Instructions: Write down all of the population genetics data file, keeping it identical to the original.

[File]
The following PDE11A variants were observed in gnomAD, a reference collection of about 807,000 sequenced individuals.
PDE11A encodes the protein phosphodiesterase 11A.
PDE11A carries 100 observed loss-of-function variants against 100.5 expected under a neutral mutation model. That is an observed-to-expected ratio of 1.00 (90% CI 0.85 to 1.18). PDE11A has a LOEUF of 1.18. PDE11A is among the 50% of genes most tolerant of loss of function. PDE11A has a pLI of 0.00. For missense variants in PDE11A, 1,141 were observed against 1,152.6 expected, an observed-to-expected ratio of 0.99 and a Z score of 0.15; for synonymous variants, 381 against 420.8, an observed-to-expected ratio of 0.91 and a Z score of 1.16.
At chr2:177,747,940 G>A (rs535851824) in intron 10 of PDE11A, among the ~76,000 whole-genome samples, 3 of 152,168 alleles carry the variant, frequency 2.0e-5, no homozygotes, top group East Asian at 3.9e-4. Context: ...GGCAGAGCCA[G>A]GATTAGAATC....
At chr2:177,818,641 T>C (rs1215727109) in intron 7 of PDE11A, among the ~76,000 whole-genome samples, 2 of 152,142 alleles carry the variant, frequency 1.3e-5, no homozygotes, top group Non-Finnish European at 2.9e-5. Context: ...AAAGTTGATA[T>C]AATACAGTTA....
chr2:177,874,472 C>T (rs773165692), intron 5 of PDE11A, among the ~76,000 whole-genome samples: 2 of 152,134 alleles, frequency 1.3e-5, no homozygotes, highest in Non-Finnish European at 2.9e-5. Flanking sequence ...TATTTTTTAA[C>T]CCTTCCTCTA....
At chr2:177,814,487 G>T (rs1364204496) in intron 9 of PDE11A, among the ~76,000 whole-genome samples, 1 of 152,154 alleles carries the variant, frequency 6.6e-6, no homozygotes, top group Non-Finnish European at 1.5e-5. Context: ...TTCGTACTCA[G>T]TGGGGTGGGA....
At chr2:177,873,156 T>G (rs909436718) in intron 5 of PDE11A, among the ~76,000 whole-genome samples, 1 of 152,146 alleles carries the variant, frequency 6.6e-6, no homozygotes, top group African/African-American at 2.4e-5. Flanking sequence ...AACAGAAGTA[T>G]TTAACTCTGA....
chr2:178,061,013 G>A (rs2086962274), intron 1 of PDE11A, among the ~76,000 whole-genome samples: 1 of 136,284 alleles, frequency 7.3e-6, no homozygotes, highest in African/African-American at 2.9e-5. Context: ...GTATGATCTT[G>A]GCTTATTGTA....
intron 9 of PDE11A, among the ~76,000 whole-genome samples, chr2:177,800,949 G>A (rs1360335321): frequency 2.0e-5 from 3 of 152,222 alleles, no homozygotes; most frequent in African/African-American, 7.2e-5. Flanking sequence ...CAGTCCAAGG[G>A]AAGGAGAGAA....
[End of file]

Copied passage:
The following PDE11A variants were observed in gnomAD, a reference collection of about 807,000 sequenced individuals.
PDE11A encodes the protein phosphodiesterase 11A.
PDE11A carries 100 observed loss-of-function variants against 100.5 expected under a neutral mutation model. That is an observed-to-expected ratio of 1.00 (90% CI 0.85 to 1.18). PDE11A has a LOEUF of 1.18. PDE11A is among the 50% of genes most tolerant of loss of function. PDE11A has a pLI of 0.00. For missense variants in PDE11A, 1,141 were observed against 1,152.6 expected, an observed-to-expected ratio of 0.99 and a Z score of 0.15; for synonymous variants, 381 against 420.8, an observed-to-expected ratio of 0.91 and a Z score of 1.16.
At chr2:177,747,940 G>A (rs535851824) in intron 10 of PDE11A, among the ~76,000 whole-genome samples, 3 of 152,168 alleles carry the variant, frequency 2.0e-5, no homozygotes, top group East Asian at 3.9e-4. Context: ...GGCAGAGCCA[G>A]GATTAGAATC....
At chr2:177,818,641 T>C (rs1215727109) in intron 7 of PDE11A, among the ~76,000 whole-genome samples, 2 of 152,142 alleles carry the variant, frequency 1.3e-5, no homozygotes, top group Non-Finnish European at 2.9e-5. Context: ...AAAGTTGATA[T>C]AATACAGTTA....
chr2:177,874,472 C>T (rs773165692), intron 5 of PDE11A, among the ~76,000 whole-genome samples: 2 of 152,134 alleles, frequency 1.3e-5, no homozygotes, highest in Non-Finnish European at 2.9e-5. Flanking sequence ...TATTTTTTAA[C>T]CCTTCCTCTA....
At chr2:177,814,487 G>T (rs1364204496) in intron 9 of PDE11A, among the ~76,000 whole-genome samples, 1 of 152,154 alleles carries the variant, frequency 6.6e-6, no homozygotes, top group Non-Finnish European at 1.5e-5. Context: ...TTCGTACTCA[G>T]TGGGGTGGGA....
At chr2:177,873,156 T>G (rs909436718) in intron 5 of PDE11A, among the ~76,000 whole-genome samples, 1 of 152,146 alleles carries the variant, frequency 6.6e-6, no homozygotes, top group African/African-American at 2.4e-5. Flanking sequence ...AACAGAAGTA[T>G]TTAACTCTGA....
chr2:178,061,013 G>A (rs2086962274), intron 1 of PDE11A, among the ~76,000 whole-genome samples: 1 of 136,284 alleles, frequency 7.3e-6, no homozygotes, highest in African/African-American at 2.9e-5. Context: ...GTATGATCTT[G>A]GCTTATTGTA....
intron 9 of PDE11A, among the ~76,000 whole-genome samples, chr2:177,800,949 G>A (rs1360335321): frequency 2.0e-5 from 3 of 152,222 alleles, no homozygotes; most frequent in African/African-American, 7.2e-5. Flanking sequence ...CAGTCCAAGG[G>A]AAGGAGAGAA....